Go Behind The Lens With One Of NYC’s Top Party Photographers

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Angela Pham, Event and Nightlife Photographer

Frantically cutting between dancers and social darlings with their equipment, flashes, and sharp elbows, there's at least one official party photog at every gallery opening, sponsored liquor bash, or VIP event you go to these days. Granted, their presence is nothing new (the highbrow social registries of the past lived on their shots), but today’s social shutterbug is hipper, younger, and more a part of the party than ever before. To get an inside look at nightlife photography's current breed we talked to one of its stars, Ms. Angela Pham of the Billy Farrell Agency, to see what's it's like to party from behind a camera.

Tell us how you got started in this very particular profession.

“I picked up a camera during my second year at NYU, but it wasn't until my time in London post-graduation that I started shooting parties for Vice UK. I remember the first party I was assigned to, at Bungalow 8 in Covent Garden — the kids were so incredibly posh and scathing, I couldn't even muster up enough courage to approach one person. People say I am very personable, but I consider myself a little shy.”

How did you get over that?

“When I moved back to NYC, I only wanted to work with the nascent Billy Farrell Agency, and hounded them for about six months. Now I’ve been there two years! Unlike other event photo agencies, they foster and encourage creative talent in all of their photographers. All of a sudden, I was being thrust into these very stressful environments with client needs, PR girls, socialites/celebrities I should know; and it's because of this I was able to develop so rapidly as a photographer. You quickly learn how to take good, publishable photos in a variety of conditions (often, less than ideal)."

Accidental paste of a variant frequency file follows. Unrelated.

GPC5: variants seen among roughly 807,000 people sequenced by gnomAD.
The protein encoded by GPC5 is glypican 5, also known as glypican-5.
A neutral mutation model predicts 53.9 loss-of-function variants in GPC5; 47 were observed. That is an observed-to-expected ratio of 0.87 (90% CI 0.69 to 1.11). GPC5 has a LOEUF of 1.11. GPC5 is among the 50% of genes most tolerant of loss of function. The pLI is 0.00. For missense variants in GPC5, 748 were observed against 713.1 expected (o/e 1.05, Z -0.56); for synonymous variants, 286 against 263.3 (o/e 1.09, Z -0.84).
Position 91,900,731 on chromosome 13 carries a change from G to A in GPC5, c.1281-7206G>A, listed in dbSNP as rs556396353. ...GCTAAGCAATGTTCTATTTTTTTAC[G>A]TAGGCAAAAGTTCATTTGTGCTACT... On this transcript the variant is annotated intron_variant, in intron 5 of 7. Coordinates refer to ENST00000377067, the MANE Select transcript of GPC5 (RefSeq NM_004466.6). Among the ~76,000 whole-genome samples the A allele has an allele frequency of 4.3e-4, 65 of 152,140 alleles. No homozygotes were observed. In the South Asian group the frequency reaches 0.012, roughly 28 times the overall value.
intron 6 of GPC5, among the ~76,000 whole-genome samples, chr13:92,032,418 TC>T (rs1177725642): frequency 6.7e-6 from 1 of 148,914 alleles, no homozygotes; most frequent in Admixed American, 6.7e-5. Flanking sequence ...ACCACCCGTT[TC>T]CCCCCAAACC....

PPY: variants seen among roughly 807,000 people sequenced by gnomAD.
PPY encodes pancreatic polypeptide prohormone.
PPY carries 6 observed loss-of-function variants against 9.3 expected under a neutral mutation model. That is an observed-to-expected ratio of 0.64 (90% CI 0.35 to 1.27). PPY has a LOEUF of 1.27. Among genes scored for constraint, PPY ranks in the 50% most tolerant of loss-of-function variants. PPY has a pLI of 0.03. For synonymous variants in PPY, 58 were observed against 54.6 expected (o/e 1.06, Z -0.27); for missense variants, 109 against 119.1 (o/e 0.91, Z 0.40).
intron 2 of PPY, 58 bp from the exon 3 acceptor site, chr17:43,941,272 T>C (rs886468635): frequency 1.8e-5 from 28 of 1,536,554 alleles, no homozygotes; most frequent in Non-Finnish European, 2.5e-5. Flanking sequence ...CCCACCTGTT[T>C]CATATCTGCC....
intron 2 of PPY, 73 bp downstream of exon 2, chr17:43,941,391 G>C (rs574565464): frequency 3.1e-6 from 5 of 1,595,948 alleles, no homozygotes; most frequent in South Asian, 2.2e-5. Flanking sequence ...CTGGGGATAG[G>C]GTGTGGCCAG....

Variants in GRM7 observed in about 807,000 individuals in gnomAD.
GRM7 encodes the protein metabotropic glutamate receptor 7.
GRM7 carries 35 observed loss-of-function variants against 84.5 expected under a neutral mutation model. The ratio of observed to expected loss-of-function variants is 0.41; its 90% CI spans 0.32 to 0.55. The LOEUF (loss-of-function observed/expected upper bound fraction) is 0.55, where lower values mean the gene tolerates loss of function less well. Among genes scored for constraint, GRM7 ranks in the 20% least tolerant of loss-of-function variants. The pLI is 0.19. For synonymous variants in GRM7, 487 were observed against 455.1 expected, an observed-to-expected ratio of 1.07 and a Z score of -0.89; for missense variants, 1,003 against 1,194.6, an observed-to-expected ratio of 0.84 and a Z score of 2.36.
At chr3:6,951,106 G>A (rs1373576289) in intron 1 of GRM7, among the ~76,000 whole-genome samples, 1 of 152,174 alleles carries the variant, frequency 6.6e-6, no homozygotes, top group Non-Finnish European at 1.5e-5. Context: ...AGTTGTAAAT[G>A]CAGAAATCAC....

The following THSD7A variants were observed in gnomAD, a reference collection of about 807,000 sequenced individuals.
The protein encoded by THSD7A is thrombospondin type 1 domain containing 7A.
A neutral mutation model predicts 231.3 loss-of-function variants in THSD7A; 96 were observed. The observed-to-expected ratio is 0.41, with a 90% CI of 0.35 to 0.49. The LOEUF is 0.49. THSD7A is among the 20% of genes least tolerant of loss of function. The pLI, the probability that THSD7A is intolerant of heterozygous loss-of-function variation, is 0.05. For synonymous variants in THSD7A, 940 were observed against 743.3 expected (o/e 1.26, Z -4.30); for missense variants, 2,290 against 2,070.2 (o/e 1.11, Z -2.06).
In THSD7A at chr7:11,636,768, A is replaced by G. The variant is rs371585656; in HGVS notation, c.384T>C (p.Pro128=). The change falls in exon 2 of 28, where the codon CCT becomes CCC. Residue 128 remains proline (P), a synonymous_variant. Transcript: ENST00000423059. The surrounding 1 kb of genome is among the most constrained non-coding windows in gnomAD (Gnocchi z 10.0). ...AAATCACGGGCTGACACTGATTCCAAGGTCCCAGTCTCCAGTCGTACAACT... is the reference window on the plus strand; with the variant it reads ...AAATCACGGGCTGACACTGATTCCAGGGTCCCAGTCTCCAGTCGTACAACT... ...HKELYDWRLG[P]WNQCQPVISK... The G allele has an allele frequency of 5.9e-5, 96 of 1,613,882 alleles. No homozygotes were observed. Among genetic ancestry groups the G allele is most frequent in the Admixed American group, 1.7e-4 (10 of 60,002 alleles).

Got any tips for budding party photogs wanting to follow your path?

“Wear a specific LAMD (Look-at-me-device) so that you become like ‘That chick with the monocle!’ or "That dude with the capes!’ After you've become a recognizable face on the scene, you can gain entry into almost any exclusive club or party.”

And what’s your response to all those people who say that your career is just one, long party?

“I’d say they are absolutely correct. But if anyone’s too envious, take solace in the fact that I'm often Photoshopping the shine from partygoer's T-zones until 4 a.m. That part is not fun. I act very frenetic and stressed when I'm shooting; it's very hard for me to engage in real conversations with guests and friends — I even utilize my camera as an invisibility cloak. I bet most people have the wrong impression of me.

“In any case, I’ve always been very self-disciplined (chalk it up to my Asian upbringing). When I'm hired to shoot an event, I become obsessed with getting great photos, not only for the client, but also potentially, for my portfolio. I do drink at events, but from a practical standpoint, saccharine fruit cocktails and precious Canon equipment just don’t mix.”

Got any juicy anecdotes from your various professional adventures?

“One time, I photographed an event at a pub in East London, I remember quickly snapping this man with a very familiar, handsome face. The next morning, sober, I looked at the image and it was my idol, Morrissey!”

That’s not that juicy.

“Sorry. My myriad of insane party anecdotes are reserved for my memoirs.”

Styled by Lauren Edelstein; Hair and Makeup by Bethany Brill.

Mr. Dino vintage top and pants; Noir The Pietasters Cuff, $165, available at Noir.

Photographed at Edi & The Wolf, 102 Avenue C; 212-598-1040.


Photographed by ; Illustration by